The post wasn’t very serious, and as I note, I’ve never set foot in Korea in my life. That said, it was, like much on here, just me thinking out loud. I posted it when I’d just started using twitter and I remember someone writing that the post was racist or discriminatory or something like that, and promptly blocking me.
I was quite alarmed by this reaction and thought perhaps twitter wasn’t the place for me. Around that time, Michael Griffin who back then had some amazing number of followers, (like 700 or something!) retweeted the post and engaged with me about it. I think a lot of people on twitter have had the experience of being encouraged by Mike and I’m grateful to him.
Anyway, as time went by the post (5th most viewed of all time) started to look less and less at home on this blog. So I asked Mike to write a rebuttal of it and I’m really please to add him to the roster of guest bloggers on Evidence Based EFL.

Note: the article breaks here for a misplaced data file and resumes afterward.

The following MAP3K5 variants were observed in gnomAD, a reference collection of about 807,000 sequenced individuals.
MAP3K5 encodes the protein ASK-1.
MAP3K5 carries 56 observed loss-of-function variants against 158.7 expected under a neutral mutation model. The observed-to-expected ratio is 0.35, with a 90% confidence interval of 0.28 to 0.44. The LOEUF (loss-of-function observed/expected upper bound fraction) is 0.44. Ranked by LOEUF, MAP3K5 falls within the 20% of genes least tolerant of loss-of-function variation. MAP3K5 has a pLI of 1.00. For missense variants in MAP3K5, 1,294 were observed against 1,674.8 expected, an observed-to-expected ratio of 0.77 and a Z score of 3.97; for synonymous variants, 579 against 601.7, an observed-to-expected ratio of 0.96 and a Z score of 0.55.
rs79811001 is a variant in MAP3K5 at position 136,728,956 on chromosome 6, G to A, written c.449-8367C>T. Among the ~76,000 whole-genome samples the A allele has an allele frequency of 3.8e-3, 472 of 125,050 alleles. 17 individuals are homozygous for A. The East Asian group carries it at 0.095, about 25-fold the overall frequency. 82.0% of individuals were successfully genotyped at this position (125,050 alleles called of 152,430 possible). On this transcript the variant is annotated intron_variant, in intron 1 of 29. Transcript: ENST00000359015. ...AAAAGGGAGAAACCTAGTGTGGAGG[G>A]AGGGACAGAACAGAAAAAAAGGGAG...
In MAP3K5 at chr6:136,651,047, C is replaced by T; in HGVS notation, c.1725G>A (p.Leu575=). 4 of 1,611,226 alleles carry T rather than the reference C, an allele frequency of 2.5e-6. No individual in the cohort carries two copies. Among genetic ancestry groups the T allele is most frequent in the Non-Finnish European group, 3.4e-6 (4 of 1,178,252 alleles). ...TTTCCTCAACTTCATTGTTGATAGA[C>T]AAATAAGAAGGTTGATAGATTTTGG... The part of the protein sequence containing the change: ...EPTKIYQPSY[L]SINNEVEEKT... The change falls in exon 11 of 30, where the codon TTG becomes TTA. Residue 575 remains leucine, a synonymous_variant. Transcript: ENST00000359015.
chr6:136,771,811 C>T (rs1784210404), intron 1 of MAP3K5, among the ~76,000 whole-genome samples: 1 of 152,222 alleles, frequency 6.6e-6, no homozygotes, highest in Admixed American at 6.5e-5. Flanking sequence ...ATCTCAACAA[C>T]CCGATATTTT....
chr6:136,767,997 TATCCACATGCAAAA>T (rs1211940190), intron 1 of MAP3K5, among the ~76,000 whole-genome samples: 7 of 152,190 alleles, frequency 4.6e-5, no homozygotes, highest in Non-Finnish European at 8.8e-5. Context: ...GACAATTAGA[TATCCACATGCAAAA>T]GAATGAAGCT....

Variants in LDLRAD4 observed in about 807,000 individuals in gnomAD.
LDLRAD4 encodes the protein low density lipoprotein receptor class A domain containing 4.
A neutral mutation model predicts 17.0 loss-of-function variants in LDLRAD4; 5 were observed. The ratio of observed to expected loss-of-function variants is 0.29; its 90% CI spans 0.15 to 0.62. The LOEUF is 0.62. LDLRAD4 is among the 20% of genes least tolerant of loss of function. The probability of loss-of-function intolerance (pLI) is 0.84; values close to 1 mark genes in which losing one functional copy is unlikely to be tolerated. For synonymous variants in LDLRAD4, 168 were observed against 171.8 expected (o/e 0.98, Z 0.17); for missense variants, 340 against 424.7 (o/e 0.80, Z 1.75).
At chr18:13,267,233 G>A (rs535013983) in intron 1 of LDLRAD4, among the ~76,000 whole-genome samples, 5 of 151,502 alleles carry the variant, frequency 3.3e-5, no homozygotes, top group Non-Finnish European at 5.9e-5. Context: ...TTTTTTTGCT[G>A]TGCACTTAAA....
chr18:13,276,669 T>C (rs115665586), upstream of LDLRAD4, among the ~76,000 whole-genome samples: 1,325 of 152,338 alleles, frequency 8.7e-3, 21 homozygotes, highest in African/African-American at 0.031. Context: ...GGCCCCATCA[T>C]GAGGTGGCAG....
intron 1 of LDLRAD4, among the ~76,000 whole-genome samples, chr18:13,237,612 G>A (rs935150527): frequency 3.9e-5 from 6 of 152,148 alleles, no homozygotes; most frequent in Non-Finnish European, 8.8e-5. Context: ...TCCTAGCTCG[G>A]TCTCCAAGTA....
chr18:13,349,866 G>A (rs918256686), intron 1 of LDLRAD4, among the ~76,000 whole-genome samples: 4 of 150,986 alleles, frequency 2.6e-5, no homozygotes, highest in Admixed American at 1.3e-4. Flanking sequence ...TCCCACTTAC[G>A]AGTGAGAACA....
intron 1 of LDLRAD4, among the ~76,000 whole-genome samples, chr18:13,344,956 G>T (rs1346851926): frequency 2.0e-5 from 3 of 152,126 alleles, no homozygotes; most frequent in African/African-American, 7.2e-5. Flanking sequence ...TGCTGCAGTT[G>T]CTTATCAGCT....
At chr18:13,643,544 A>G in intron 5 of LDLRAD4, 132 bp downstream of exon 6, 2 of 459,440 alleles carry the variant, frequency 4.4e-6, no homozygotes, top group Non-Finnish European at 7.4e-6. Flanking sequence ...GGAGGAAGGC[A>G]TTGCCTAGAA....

One of the first times I read this blog (which I later came to know and love) was a provocatively titled post “Is Korea the worst place to teach English?” I should mention the post was about South Korea (the Republic of Korea) and not North Korea (the…ahem Democratic People’s of Korea). I’d guess that North Korea is among the worst places on earth to do much of anything. If you are interested in learning more about teaching in North Korea I can recommend the (in my view at least) flawed but interesting book, Without You There Is No Us which the New York Times called “a chilling memoir.: If you are interested in reading one man’s thoughts about teaching English in Korea and why there used to be many complaints please read on. I want to be clear that this is truly just based on my own thoughts and experiences and is much more anecdata than any sort of evidence-based anything. I’d also like to offer the usual caveats about generalizations. Please feel free to imagine the words “sometimes” or “typically” into any sentences that jump out at you as a step too far towards a generalization. Also, in this post I write about the experience and situation related to “native speakers” which it should be noted is actually a very small minority of those teaching English in South Korea. I am also just focusing on the private sector (which means I’m not focusing on public schools or tertiary education).